We had a Japanese exchange student live with us this summer. Just before his trip to the U.S., he ruptured his Achilles' tendon playing a game called sepaktakraw (kick volleyball). Two weeks after surgery, he was wearing a removable brace and putting full weight on his foot. Our son had this same surgery last year. He was in a cast for eight weeks. Do the Japanese have a different treatment for this injury?
For years, surgeons around the world have used a standard operation to repair an acute Achilles' tendon rupture. This procedure uses stitches called Kessler sutures. The operation must be followed by nonweight-bearing and limited range of motion. The patient must carry out this protocol for at least four to six weeks.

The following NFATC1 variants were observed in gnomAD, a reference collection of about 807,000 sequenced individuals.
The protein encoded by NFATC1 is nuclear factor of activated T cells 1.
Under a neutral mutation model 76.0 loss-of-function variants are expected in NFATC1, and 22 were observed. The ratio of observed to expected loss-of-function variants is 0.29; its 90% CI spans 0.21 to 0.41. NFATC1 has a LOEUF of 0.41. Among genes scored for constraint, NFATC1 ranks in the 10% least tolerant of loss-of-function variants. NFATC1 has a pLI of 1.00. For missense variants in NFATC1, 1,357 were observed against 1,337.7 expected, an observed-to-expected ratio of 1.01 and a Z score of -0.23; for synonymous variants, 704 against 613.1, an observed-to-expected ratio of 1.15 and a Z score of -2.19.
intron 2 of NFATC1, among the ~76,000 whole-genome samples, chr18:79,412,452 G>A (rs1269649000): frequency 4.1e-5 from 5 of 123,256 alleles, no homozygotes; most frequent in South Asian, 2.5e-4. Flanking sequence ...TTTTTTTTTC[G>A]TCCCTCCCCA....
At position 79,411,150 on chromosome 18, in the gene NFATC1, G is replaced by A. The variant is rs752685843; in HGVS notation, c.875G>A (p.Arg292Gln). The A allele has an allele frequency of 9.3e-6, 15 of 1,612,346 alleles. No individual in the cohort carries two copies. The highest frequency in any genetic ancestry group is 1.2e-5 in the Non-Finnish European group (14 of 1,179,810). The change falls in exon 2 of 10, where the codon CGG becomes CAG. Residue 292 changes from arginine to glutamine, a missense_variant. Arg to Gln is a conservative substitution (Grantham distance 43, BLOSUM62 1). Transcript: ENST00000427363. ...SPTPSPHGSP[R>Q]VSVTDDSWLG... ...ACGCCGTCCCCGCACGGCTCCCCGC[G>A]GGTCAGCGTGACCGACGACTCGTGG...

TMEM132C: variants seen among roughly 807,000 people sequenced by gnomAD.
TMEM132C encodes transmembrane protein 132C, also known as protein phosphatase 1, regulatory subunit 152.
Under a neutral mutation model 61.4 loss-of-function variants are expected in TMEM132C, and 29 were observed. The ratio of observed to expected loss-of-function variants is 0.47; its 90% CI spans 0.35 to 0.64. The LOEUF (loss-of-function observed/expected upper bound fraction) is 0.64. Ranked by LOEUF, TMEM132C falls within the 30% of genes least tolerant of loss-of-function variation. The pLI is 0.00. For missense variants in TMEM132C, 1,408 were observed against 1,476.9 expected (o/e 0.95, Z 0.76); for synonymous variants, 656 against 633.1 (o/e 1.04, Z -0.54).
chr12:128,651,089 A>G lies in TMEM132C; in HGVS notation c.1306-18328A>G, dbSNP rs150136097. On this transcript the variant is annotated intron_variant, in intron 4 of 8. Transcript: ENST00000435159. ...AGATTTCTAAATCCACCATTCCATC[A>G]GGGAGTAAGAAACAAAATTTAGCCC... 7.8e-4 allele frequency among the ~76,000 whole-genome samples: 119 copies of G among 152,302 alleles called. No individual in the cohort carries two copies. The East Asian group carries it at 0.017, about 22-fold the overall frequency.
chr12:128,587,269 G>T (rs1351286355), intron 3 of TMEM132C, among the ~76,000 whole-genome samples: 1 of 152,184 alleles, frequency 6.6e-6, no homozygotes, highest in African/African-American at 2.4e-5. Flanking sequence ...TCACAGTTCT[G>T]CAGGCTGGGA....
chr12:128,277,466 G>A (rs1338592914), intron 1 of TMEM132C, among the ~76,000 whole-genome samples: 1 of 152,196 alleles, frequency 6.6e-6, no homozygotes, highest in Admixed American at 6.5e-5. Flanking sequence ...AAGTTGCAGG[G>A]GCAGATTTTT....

But several studies using modified suturing and surgical techniques have been reported. Using more stitches gives a stronger repair. It also allows for faster recovery. Earlier motion and full weight-bearing are possible much sooner than with the Kessler sutures.

Much of this new research is being done in Japan. The latest study reported accelerated results using a method that can adjust the tension on the tendon using a Tsuge suture at one end and a single knot at the other. Your exchange student may have benefitted from the expertise at one of these centers.